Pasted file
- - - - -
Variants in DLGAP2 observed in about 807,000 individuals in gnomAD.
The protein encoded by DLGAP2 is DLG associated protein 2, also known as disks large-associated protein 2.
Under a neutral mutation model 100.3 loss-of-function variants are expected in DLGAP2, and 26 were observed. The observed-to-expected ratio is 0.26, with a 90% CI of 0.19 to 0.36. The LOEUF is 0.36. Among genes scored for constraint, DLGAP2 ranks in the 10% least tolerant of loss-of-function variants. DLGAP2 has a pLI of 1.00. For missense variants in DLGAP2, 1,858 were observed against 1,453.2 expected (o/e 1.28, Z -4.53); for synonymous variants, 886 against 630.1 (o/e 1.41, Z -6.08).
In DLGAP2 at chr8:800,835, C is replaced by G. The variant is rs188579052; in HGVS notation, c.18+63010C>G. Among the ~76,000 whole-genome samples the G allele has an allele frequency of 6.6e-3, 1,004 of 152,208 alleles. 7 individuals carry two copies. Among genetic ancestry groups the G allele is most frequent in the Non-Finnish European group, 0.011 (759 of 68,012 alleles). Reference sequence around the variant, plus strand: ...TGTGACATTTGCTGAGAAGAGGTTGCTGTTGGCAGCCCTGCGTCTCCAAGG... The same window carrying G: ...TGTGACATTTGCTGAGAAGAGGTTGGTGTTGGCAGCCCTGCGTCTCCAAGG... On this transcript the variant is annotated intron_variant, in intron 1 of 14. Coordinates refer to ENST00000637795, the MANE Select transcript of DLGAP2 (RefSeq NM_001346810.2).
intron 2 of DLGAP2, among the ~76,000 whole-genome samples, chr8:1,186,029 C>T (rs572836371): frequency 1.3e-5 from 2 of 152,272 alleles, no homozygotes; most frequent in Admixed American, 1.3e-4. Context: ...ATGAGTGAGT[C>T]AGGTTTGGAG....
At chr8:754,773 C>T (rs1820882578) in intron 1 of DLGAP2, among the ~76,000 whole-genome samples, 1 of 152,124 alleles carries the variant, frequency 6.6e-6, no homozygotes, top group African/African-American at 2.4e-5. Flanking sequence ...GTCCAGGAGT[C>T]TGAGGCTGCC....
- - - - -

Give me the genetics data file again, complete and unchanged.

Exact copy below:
Variants in DLGAP2 observed in about 807,000 individuals in gnomAD.
The protein encoded by DLGAP2 is DLG associated protein 2, also known as disks large-associated protein 2.
Under a neutral mutation model 100.3 loss-of-function variants are expected in DLGAP2, and 26 were observed. The observed-to-expected ratio is 0.26, with a 90% CI of 0.19 to 0.36. The LOEUF is 0.36. Among genes scored for constraint, DLGAP2 ranks in the 10% least tolerant of loss-of-function variants. DLGAP2 has a pLI of 1.00. For missense variants in DLGAP2, 1,858 were observed against 1,453.2 expected (o/e 1.28, Z -4.53); for synonymous variants, 886 against 630.1 (o/e 1.41, Z -6.08).
In DLGAP2 at chr8:800,835, C is replaced by G. The variant is rs188579052; in HGVS notation, c.18+63010C>G. Among the ~76,000 whole-genome samples the G allele has an allele frequency of 6.6e-3, 1,004 of 152,208 alleles. 7 individuals carry two copies. Among genetic ancestry groups the G allele is most frequent in the Non-Finnish European group, 0.011 (759 of 68,012 alleles). Reference sequence around the variant, plus strand: ...TGTGACATTTGCTGAGAAGAGGTTGCTGTTGGCAGCCCTGCGTCTCCAAGG... The same window carrying G: ...TGTGACATTTGCTGAGAAGAGGTTGGTGTTGGCAGCCCTGCGTCTCCAAGG... On this transcript the variant is annotated intron_variant, in intron 1 of 14. Coordinates refer to ENST00000637795, the MANE Select transcript of DLGAP2 (RefSeq NM_001346810.2).
intron 2 of DLGAP2, among the ~76,000 whole-genome samples, chr8:1,186,029 C>T (rs572836371): frequency 1.3e-5 from 2 of 152,272 alleles, no homozygotes; most frequent in Admixed American, 1.3e-4. Context: ...ATGAGTGAGT[C>T]AGGTTTGGAG....
At chr8:754,773 C>T (rs1820882578) in intron 1 of DLGAP2, among the ~76,000 whole-genome samples, 1 of 152,124 alleles carries the variant, frequency 6.6e-6, no homozygotes, top group African/African-American at 2.4e-5. Flanking sequence ...GTCCAGGAGT[C>T]TGAGGCTGCC....